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Lions Roar : July 2010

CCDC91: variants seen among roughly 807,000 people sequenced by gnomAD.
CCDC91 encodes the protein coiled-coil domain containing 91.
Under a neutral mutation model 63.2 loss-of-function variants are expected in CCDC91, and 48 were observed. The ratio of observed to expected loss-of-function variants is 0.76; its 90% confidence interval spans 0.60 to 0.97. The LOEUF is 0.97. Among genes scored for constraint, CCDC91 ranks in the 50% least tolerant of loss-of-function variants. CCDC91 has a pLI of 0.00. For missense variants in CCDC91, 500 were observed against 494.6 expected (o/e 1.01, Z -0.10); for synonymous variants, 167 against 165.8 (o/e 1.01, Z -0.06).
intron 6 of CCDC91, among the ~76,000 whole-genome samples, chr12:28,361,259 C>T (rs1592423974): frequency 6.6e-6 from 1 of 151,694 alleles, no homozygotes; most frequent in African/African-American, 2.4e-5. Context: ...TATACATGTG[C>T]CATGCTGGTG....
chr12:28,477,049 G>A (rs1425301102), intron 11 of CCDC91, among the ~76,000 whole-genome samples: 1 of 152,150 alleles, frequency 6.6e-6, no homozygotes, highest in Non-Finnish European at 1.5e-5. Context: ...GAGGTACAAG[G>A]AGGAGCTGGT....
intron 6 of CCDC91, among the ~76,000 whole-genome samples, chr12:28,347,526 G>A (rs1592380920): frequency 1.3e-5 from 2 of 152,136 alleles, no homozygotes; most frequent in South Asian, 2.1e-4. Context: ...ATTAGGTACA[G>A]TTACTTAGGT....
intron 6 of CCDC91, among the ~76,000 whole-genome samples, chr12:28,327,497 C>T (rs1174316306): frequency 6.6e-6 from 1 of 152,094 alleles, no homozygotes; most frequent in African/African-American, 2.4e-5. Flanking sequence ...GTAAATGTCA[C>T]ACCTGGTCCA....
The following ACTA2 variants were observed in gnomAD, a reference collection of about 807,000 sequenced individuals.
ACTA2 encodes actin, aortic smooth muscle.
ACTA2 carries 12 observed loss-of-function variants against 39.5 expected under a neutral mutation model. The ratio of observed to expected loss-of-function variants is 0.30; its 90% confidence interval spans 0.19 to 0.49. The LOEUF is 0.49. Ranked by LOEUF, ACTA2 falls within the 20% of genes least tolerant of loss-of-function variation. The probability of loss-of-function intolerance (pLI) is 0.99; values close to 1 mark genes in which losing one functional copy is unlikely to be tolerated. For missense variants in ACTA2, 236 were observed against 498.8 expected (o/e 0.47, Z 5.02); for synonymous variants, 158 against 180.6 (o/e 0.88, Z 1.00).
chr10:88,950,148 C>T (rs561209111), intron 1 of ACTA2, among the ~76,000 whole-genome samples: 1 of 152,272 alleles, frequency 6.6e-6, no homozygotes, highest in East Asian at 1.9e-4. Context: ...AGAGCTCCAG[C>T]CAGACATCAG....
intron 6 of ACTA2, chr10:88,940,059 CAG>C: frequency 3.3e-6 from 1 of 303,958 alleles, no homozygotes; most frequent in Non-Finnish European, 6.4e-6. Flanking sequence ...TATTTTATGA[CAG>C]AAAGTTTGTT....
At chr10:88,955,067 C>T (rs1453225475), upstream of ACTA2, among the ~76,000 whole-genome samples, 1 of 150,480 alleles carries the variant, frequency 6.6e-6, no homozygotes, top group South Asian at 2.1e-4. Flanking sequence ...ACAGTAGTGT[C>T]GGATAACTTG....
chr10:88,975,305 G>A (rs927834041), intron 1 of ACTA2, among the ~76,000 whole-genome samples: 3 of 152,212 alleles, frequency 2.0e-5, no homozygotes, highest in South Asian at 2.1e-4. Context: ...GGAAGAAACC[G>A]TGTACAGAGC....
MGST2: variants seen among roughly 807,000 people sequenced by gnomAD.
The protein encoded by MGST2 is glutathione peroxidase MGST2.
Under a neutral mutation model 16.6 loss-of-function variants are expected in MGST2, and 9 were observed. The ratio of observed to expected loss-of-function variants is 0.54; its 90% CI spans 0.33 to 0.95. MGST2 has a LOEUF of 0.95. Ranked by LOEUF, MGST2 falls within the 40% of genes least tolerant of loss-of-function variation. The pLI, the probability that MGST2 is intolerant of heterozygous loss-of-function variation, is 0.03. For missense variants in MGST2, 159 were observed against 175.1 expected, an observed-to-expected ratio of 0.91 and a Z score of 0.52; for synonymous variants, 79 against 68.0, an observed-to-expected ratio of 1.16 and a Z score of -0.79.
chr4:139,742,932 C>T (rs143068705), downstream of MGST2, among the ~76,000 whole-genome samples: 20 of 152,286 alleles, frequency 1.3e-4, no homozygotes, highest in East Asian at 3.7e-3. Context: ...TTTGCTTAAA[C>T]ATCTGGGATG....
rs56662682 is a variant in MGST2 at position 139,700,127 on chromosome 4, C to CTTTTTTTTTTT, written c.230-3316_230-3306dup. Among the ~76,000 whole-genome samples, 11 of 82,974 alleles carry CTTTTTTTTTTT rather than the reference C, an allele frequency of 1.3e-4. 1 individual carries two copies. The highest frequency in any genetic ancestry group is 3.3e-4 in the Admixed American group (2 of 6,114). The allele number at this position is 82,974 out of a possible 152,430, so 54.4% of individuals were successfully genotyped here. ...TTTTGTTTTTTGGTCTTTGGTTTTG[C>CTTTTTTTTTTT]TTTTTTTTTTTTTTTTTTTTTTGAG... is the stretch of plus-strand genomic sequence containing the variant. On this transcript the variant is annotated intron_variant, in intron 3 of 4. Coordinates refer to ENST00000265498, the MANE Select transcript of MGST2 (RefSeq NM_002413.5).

Trying to push away our ell1otional distress can throw us into "cognitive shock" that turns our ll1ind into a ll1uddle. EZRA BAYDA shares five sill1ple questions to help us cut through confusion. . . . . . . . . . . . . . . . . . . . . . . . . . . . . . . . . . . . . . . . . O n a recent trip to Alcatraz prison I had the fascinating experience of walking through the halls, standing in the cells, and imagining what it would be like to be confined there. Before Alcatraz was closed as a functioning prison, it was unique in that it kept all of its prisoners isolated in solitary cells. I heard the story of one prisoner, who when put into a pitch-black solitary cell as punishment, ripped a button off his shirt and threw it in the air. He would then get on his knees and look for it, then throw it again- just to avoid going crazy in the dark. This example may sound like it has nothing to do with us, but the fact is we all have our own ways of avoiding the dark, and our own strategies for throwing buttons. They may look more sane and more productive, but they're still attempts to push away our difficulties. Trying to avoid what's unpleasant seems to be deeply ingrained in the human psyche. After all, when life feels out of sync we naturally seek . . . . . . . . comfort and relief. But the feeling that life is out of sync is hardly new. As Buddha pointed out more than 2,500 years ago, we'll always have to deal with the fact that life entails discomfort and disappointment. We will always have our many problems-concerns about financial se- curity, relationship difficulties, fears about our health, anxious striving toward success and ac- ceptance, and so on. Yet, perhaps the most basic problem is that we don't really want to have any problems; perhaps that's what, in part, makes our current time seem so full of distress. Many people come to meditation practice with the expectation that it will calm them and relieve the feelings of distress. Certainly medi- tation can do this to some extent; however, when we're knee-deep in emotional distress, we're fortunate if we can remember these tools. Even if we could remember to meditate, simply sitting down to follow the breath, with- out directly addressing our difficulties, is un- likely to bring a deep or lasting peace of mind. The difficulties remain. Sometimes, when emotions are particularly intense, when we feel the very uncomfortable feelings of groundlessness and helplessness, it is especially difficult to remember what we know. And there's a good reason for this. Wh ' d . d h " " en we re Istre sse , t e new or concep- tual brain tends to stop working. This is called "cognitive shock;' which turns off the cogni- tive mind's basic ability to function. When the thinking brain is on sabbatical, we simply can't think clearly. During cognitive shock, the "old" brain, which is based on survival and defense, SHAMBHALA SUN JULY 2010 51